Engineers from Trinity are turning to the sea in an attempt to reduce the environmental cost of energy production. As the global population booms we will need to solve a perplexing equation that requires outputs to soar while dampening the effect our actions have on the environment.
And it could be the tides that hold the key.
Scientists have viewed tidal power as a potential option for reliably generating ‘green’ electricity for some years. There is significant untapped power in the world’s oceans, and the tides are incredibly reliable – unlike the winds that generate power via turbines on land, we can almost set our watches by the tides. But the cost of equipment installation on the sea-floor has – among other things – been prohibitively expensive.
Trying to reduce these costs is a Trinity team involving Experimental Officer in the School of Engineering, Gerry Byrne, Assistant Professor in Engineering, Tim Persoons, and Visiting Professor in the Trinity Business School, William Kingston.
The team tested a next-gen hydrofoil-based anchoring device at a unique tidal testing facility in the Netherlands to assess whether it might offer a reliable means of fixing an energy-generating tidal array to the sea floor. If practical, the device would significantly reduce installation costs because it is considerably smaller and lighter than current options.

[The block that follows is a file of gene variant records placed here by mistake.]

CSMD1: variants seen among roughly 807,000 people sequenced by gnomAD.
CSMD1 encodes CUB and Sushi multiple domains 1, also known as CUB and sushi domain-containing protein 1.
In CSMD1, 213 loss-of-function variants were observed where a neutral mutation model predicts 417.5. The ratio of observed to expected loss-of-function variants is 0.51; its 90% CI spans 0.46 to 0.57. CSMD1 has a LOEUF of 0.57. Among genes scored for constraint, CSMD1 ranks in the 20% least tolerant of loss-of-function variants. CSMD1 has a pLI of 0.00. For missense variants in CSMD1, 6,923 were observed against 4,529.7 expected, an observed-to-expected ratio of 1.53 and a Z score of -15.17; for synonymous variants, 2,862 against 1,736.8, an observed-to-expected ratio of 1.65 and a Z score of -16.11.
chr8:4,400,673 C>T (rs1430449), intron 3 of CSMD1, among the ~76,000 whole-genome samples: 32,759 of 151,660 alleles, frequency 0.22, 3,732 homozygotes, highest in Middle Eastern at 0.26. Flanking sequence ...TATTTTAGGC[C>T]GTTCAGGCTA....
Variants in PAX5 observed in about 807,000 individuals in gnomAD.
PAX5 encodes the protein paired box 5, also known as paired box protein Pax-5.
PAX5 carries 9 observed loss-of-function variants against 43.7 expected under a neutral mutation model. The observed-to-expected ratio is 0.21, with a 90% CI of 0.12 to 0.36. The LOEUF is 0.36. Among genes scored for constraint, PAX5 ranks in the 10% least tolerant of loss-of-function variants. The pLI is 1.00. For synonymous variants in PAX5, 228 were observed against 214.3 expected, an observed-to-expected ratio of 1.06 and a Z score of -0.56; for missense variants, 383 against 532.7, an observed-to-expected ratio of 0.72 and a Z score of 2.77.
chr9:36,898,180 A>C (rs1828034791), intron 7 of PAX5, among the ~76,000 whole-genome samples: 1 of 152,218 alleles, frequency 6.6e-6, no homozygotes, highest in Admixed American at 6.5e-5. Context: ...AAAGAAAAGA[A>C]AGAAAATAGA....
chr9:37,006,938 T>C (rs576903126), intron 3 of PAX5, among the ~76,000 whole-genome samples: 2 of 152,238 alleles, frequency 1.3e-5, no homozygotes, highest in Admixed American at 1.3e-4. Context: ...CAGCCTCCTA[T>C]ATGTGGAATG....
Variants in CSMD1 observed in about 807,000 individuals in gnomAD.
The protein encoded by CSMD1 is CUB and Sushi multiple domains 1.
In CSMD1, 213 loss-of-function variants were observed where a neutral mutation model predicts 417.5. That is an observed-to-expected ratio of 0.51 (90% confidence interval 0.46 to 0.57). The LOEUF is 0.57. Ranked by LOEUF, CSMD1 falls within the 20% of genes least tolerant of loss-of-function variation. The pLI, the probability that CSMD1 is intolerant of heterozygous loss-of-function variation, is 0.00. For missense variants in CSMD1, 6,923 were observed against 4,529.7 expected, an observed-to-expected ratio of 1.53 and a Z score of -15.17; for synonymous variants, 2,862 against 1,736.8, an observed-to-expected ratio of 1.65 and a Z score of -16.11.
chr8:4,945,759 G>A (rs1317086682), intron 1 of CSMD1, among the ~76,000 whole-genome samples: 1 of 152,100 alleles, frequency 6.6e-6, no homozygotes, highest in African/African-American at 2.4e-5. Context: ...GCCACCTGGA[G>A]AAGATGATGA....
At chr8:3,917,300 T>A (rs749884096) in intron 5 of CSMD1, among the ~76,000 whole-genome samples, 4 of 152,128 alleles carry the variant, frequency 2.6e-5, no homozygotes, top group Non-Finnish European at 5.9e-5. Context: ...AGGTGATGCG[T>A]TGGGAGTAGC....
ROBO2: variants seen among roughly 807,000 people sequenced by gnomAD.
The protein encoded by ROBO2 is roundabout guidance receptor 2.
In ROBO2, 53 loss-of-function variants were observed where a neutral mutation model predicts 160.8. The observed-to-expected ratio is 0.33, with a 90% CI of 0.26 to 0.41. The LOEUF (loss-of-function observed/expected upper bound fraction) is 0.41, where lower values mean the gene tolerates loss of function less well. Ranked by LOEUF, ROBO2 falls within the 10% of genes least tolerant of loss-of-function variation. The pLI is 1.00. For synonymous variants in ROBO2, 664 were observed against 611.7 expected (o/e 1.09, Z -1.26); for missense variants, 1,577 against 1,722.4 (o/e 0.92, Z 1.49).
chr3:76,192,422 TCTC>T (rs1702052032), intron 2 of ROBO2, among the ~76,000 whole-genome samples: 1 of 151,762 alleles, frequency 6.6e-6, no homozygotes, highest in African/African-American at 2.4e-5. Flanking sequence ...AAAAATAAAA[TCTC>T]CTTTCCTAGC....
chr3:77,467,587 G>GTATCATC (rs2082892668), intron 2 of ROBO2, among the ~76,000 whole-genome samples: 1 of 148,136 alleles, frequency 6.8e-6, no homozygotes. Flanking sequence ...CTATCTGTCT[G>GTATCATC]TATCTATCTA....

Several undergraduate and postgraduate engineering students, including Cormac Fagan, Harry Crowley, Thomas Burke and Diarmuid Jackson, have assisted in the design, engineering, fabrication and calibration of this test system, which was shipped from the lab in Trinity to the test facility in The Netherlands.
Gerry Byrne and Professor Tim Persoons said: “After extensive tests we found that we could accurately predict the lift force associated. The drag force was underestimated by the numerical simulations, yet it was in line with expectations for this type of device."
"Importantly, our work has indicated that hydrofoil systems could significantly reduce the costs associated with the deployment and retrieval of tidal flow anchoring. This should assist in reducing the overall cost of energy from tidal streams and thus narrow the gap between this renewable resource and energy derived from fossil fuels.”
Professor Kingston added that a “feature of the invention is that the hydrofoil is designed to be compact during deployment, but its wingspan can be expanded when it is in position,” and that he sees other potential uses in ocean energy applications for the device.
The estimates of the global potential of tidal energy generation vary, but energy capacity could exceed 120 GW globally. Tidal stream energy could theoretically supply more than 150 TW/h per annum, which is well in excess of all domestic electricity consumption in the UK.
Gerry Byrne added: “The UK’s tidal power resource is estimated to be more than 10 GW, which represents about 50% of Europe’s tidal energy capacity, so that provides a measure of how important it is to further develop our options in harnessing this untapped resource. Here in Ireland the theoretical gross energy content of our waters is a sizeable 230 TWh/year.”